Tuesday, October 02, 2018

TV Corner


A little TV chatter. The "Insecure" finale was in keeping with the whole season -- fantastic! -- but why the hell are there still only eight episodes?


I took one look at the ad for "Camping" on HBO and was positive it was horrible -- and it sounds like I was totally right. TV Line says it is "a deeply unpleasant viewing experience, led by the single most insufferable TV character in recent memory."


After hearing that the infamous episode of "Too Close for Comfort" where the flamboyant Monroe is raped (presumably by two women) had been removed from syndication, Damian and I actually saw it this week on Logo! While it's an insane topic for a sitcom to try to handle -- this is no "All in the Family" -- we were a little impressed by the sensitivity involved. Yes, there were some cheap laughs. But Ted Knight's Henry (as well as the detective) does not take the crime lightly -- after dancing around the topic for a bit, the R-word is used twice -- which is an interesting juxtaposition against Muriel, Jackie and Sara, who don't really know what to think. ("It just doesn't seem as serious when it happens to a man," Jackie opines.) 


Perhaps the most subversive thing about the whole thing is that in the closing scene, after we meet one of the two attackers -- a portly woman in a blond wig ("the little one") -- the second attacker is revealed very briefly ... and it's clearly a man in drag. (The blonde is credited merely as "Charlene," but no actor is listed for the other woman.) Although the episode says Monroe was raped by "two women," it's hard not to see this casting as another nod to Monroe's obscured sexuality. Sure, who rapes you has nothing to do with your sexuality. But there are just so many times when it's clear the writers are hinting at it -- Monroe's father mysteriously wanted little to do with him because he was such an "odd" boy; his being the only man overprotective Henry trusts alone with his daughters; his constantly longing for Henry's approval, no matter how little he gets it;  his “Tea & Sympathy” affair with Linda; his posing in a gladiator outfit for Henry; his falling for a girl who turns out to be a guy in drag; his twirling around to show Henry his underwear; his hot male roommate; and there were dozens more that I should have been writing down, but you get the picture.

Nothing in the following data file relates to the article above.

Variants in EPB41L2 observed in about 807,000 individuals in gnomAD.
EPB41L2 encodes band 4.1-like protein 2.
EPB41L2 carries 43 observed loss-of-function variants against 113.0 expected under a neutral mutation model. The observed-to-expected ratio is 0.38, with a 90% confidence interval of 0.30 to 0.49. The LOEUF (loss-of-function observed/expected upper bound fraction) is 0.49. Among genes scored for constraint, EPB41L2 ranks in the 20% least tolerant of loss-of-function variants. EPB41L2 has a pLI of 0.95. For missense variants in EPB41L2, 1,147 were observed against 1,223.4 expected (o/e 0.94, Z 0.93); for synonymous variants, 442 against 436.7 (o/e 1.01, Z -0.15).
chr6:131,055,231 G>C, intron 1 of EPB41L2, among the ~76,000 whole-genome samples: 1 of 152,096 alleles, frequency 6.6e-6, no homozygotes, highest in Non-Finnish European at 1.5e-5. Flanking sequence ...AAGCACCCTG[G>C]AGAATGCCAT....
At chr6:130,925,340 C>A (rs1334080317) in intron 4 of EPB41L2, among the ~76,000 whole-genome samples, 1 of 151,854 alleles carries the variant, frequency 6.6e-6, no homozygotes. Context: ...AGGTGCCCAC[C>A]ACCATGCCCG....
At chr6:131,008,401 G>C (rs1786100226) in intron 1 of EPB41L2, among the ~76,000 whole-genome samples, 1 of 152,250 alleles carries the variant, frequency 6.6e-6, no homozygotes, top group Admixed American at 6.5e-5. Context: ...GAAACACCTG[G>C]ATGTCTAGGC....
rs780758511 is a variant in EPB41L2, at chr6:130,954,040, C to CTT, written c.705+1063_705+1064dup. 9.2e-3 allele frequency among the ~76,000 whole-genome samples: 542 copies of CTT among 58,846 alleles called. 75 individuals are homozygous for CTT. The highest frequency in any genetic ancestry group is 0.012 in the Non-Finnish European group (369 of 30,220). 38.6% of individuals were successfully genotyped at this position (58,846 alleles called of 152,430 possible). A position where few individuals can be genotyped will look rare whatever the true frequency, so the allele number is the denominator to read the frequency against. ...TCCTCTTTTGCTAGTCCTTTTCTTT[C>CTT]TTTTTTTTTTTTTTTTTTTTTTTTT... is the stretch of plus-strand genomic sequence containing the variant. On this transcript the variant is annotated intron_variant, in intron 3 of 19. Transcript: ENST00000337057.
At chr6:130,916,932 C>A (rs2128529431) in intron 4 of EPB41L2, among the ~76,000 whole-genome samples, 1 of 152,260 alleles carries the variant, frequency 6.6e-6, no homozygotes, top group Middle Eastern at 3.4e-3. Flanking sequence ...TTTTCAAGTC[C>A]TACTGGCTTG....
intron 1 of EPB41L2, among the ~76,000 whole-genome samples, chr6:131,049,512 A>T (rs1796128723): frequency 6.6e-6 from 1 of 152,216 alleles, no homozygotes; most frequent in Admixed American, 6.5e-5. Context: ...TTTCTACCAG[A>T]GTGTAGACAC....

And last and sort of least, we caught the premiere of "The Cool Kids," featuring an all-star cast playing residents of a seniors community. The show is on Fox but feels VERY TV Land -- and not in a good "Hot in Cleveland" kind of way. The truth is, the premise and the performances are great -- it's just the writing is not quite good enough to make it work. Perhaps it will change -- I did laugh out loud at a couple of Leslie Jordan's lines (I think he's playing himself!) -- but for the most part I just felt a tad embarrassed for a sublime group of actors (which also includes David Alan Grier, Martin Mull and Vicki Lawrence) who deserve -- and come from -- so much better. 

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